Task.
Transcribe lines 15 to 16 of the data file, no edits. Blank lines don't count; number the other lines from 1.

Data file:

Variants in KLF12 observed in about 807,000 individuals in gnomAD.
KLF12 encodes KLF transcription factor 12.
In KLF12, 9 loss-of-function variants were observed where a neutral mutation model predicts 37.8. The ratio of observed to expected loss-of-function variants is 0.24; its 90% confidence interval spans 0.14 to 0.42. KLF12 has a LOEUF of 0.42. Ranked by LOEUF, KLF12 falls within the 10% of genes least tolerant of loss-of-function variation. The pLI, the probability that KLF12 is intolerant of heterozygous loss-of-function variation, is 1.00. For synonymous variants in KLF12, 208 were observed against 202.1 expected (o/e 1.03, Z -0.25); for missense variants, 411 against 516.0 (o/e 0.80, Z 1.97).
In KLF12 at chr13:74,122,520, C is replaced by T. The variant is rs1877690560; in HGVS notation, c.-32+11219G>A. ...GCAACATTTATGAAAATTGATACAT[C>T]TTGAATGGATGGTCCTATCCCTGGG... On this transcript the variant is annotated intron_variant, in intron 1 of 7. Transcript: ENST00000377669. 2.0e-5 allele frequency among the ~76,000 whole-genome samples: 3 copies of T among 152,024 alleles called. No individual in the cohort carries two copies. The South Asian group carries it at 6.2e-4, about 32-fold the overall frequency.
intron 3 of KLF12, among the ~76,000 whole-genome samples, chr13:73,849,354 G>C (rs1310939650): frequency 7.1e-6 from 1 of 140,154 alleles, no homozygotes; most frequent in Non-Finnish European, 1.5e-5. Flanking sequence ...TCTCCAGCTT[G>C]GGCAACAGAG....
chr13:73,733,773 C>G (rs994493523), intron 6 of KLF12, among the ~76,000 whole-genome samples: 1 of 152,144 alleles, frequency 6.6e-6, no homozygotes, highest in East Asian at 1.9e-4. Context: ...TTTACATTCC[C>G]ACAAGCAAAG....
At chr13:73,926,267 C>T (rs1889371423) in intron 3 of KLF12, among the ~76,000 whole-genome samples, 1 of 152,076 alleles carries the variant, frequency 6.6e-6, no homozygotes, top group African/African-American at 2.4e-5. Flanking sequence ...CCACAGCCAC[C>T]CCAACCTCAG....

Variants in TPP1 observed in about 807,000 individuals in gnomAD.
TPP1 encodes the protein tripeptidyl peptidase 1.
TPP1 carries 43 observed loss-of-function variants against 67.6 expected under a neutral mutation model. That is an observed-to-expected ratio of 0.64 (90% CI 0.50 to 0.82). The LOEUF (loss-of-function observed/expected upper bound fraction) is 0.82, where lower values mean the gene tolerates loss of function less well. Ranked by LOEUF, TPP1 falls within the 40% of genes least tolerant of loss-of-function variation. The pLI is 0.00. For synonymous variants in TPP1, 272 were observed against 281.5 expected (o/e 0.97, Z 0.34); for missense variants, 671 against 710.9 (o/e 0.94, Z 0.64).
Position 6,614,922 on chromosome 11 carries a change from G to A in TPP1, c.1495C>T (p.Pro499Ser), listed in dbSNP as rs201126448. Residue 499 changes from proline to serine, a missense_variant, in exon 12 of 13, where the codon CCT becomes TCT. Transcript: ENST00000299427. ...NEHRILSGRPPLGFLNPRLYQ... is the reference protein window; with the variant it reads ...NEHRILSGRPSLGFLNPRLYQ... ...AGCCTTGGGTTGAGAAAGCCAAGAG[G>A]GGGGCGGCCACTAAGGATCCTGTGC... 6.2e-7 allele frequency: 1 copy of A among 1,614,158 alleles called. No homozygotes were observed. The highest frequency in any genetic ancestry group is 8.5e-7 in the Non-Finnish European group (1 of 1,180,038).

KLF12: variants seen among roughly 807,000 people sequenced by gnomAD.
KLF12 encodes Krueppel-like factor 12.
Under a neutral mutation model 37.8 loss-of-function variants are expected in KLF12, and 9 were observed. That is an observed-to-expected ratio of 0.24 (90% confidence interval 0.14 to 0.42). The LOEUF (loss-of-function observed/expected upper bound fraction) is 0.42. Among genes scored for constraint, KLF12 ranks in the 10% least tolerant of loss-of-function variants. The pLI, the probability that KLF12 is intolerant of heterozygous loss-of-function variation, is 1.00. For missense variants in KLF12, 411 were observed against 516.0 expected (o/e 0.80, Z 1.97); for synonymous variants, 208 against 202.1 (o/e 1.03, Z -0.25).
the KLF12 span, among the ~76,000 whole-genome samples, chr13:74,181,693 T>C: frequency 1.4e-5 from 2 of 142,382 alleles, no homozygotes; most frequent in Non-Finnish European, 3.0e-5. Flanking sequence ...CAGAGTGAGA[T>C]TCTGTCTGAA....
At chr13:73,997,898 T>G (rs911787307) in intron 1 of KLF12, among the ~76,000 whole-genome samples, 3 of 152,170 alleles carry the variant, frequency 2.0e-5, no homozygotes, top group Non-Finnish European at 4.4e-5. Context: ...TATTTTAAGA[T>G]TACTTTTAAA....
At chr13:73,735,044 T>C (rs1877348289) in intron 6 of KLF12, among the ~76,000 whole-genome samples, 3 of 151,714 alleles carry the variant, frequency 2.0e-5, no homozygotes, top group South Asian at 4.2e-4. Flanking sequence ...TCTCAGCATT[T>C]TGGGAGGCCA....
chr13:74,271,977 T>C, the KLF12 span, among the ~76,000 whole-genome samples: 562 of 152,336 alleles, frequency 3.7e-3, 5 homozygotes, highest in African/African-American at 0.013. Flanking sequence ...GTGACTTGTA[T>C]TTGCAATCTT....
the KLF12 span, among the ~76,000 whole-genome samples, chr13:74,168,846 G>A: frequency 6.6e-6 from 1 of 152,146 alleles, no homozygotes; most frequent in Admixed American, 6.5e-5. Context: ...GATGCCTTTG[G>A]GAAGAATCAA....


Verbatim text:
the KLF12 span, among the ~76,000 whole-genome samples, chr13:74,181,693 T>C: frequency 1.4e-5 from 2 of 142,382 alleles, no homozygotes; most frequent in Non-Finnish European, 3.0e-5. Flanking sequence ...CAGAGTGAGA[T>C]TCTGTCTGAA....
At chr13:73,997,898 T>G (rs911787307) in intron 1 of KLF12, among the ~76,000 whole-genome samples, 3 of 152,170 alleles carry the variant, frequency 2.0e-5, no homozygotes, top group Non-Finnish European at 4.4e-5. Context: ...TATTTTAAGA[T>G]TACTTTTAAA....